46.Having come to the conclusion above, that the court cannot extend the constitutional window for filing a petition, I must now decide the Applicant’s question whether the court has jurisdiction to entertain the petition. I am mindful of the caseof Motor Vessel “SS Lillian”, (supra), in which the Court of Appeal succinctly set out the principles and context for determination of jurisdiction. In that case Nyarangi, JA stated, inter alia:

“….Jurisdiction is everything. Without it, a court has no power to make one more step….A court of law downs tools in respect of the matter before it the moment it holds the opinion that it is without jurisdiction.”

47. I am not satisfied that the correct question here is one about jurisdiction, which inquires into whether the court is competent and has the legitimacy and authority to handle the petition and take a position thereon in any regard. For without jurisdiction, this court can take no further action in the matter and must instantly down its tools.

48.I think there is a distinction in this case. This is an election court. It is duly empowered to determine petitions, in accordance with the enabling statute, the Elections Act. This dispute has been filed in respect of an election under that Act. It is before the proper court. However, the petition has not been filed in accordance with the constitutional and statutory requirements for filing petitions. The court cannot merely down its tools as if it has no power to act. It must act. How to act is the real question.

49.Where a party files a document in contravention of the constitutional prescription, and there is no legal lifeline available to bail it out with, the court has the power and obligation to declare so. In the case of The Speaker of the National Assembly vs. Karume [2008] 1 KLR 426, it was held that where there is a clear procedure for the redress of any particular grievance prescribed by the Constitution or an Act of Parliament, that procedure should be strictly followed. That case is the locus classicus on that position.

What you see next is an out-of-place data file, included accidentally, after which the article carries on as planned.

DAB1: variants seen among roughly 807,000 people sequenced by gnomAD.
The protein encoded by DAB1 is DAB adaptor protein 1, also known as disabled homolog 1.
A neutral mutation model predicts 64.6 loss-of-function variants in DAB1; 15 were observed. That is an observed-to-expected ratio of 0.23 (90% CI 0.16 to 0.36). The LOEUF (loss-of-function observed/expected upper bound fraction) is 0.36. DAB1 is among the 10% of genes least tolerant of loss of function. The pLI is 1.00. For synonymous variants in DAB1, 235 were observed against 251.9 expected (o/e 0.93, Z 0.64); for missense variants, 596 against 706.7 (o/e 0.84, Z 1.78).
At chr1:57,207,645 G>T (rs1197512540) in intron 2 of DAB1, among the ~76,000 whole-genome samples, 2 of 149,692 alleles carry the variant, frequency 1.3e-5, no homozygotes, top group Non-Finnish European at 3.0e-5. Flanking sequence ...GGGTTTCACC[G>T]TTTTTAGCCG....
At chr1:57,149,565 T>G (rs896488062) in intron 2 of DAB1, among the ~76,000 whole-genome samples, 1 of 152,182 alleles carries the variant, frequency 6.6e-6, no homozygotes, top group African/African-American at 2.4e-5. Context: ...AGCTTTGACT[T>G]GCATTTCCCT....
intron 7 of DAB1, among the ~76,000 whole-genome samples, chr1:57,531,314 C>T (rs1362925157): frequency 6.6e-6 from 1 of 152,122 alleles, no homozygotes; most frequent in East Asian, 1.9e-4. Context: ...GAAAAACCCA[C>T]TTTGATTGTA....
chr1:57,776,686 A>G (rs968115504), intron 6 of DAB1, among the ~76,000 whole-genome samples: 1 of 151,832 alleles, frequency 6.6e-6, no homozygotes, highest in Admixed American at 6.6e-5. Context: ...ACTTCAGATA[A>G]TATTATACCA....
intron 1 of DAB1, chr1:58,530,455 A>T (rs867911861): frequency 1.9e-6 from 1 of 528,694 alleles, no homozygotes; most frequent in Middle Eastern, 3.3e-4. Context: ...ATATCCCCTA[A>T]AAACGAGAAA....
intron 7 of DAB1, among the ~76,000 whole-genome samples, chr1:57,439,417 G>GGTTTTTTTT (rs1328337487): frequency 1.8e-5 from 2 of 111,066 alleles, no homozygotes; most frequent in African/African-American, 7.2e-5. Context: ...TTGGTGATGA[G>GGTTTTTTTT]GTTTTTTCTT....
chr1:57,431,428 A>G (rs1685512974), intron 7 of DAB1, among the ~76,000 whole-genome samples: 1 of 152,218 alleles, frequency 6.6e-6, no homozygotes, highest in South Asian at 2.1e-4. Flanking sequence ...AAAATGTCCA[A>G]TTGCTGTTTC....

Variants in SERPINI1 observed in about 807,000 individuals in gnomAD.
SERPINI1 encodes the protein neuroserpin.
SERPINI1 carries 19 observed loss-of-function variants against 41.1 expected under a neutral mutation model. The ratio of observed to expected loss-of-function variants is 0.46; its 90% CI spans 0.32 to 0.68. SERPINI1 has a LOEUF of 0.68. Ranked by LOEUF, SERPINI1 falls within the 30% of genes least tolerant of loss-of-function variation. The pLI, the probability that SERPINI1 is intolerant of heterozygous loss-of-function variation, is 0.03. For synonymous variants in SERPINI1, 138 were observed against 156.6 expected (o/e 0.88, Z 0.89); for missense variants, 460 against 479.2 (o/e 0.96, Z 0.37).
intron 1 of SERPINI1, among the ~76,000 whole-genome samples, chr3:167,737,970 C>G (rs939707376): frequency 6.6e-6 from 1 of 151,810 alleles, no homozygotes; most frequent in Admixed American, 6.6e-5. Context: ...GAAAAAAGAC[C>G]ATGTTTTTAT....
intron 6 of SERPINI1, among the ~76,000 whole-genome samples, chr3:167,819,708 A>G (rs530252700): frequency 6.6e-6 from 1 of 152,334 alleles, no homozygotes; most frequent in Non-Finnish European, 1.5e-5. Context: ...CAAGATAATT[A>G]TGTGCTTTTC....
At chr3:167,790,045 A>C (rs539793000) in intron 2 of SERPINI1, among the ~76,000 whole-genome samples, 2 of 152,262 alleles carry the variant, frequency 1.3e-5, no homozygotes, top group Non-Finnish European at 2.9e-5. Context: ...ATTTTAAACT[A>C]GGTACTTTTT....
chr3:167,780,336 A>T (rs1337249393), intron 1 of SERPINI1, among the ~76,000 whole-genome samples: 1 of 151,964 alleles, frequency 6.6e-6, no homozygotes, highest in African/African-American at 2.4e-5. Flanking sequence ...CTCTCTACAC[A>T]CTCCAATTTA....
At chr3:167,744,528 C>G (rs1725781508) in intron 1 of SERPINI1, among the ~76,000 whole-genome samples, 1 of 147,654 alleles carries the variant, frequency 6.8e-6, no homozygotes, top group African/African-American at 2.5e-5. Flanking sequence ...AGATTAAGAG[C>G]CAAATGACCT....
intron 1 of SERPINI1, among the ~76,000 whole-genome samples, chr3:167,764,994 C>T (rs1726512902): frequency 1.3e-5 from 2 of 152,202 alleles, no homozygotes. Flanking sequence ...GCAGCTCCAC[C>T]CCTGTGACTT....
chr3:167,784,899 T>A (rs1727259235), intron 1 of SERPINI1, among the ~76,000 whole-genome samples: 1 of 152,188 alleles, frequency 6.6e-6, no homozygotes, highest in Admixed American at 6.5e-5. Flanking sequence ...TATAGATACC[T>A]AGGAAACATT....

50.Again, it was held in Chelashaw v. Attorney General & Another [2005] 1 EA 33, that,without rules of practice and procedure the application and enforcement of the law and the administration of justice would be chaotic and impossible. Their absence or non-adherence would lead to uncertainty of the law and to total confusion, since laws serve a purpose and they enhance the rule of law. Here what is at stake is not a mere rule of procedure but a constitutional requirement

51.Thus, where a party sets out to challenge the constitutionality or legality of an act, and it ignores the procedure set out for doing so, notwithstanding the fact that the Court has jurisdiction to determine the matter, the court may properly decline to grant the orders sought, since to do so would amount to abetting an abuse of the process of the Court. Here, the Petitioners have failed to follow the correct procedure. To the extent that the procedure is a constitutional imperative the court cannot process their plea.

52.On this score the Applicant sought that the petition be struck out with costs. I am aware that striking out a petition or any other action is a draconian measure. It is to be exercised sparingly and only in the clearest cases where the action is hopeless. There are many decided cases on this point, the locus classicus of which is D.T. Dobie & Company (Kenya) Limited v Muchina [1982] KLR 1 There, Madan, J.A. (as he then was) stated: